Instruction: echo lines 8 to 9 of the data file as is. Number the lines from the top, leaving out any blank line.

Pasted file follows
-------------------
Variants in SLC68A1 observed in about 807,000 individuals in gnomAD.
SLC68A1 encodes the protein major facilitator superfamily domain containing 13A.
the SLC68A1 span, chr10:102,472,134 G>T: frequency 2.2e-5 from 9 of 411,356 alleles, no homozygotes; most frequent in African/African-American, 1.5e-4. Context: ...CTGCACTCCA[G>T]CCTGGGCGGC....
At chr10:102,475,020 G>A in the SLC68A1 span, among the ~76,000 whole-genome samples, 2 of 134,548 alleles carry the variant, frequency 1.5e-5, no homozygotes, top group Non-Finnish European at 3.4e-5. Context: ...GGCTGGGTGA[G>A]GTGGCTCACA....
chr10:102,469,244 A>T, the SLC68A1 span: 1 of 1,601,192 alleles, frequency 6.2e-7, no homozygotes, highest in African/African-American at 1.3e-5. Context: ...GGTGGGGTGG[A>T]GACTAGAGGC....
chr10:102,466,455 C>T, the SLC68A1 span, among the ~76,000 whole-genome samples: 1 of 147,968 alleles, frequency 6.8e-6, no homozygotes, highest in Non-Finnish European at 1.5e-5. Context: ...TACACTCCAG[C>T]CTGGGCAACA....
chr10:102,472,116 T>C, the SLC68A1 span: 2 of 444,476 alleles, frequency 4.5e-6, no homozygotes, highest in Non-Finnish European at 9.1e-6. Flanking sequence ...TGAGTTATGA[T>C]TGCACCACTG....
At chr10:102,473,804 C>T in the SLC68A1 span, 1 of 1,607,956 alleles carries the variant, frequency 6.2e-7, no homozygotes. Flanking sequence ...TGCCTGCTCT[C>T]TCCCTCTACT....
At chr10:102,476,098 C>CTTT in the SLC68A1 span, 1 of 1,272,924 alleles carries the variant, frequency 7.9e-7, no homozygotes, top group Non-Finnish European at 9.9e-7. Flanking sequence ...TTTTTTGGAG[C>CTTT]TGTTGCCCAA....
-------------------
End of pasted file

At chr10:102,473,804 C>T in the SLC68A1 span, 1 of 1,607,956 alleles carries the variant, frequency 6.2e-7, no homozygotes. Flanking sequence ...TGCCTGCTCT[C>T]TCCCTCTACT....
At chr10:102,476,098 C>CTTT in the SLC68A1 span, 1 of 1,272,924 alleles carries the variant, frequency 7.9e-7, no homozygotes, top group Non-Finnish European at 9.9e-7. Flanking sequence ...TTTTTTGGAG[C>CTTT]TGTTGCCCAA....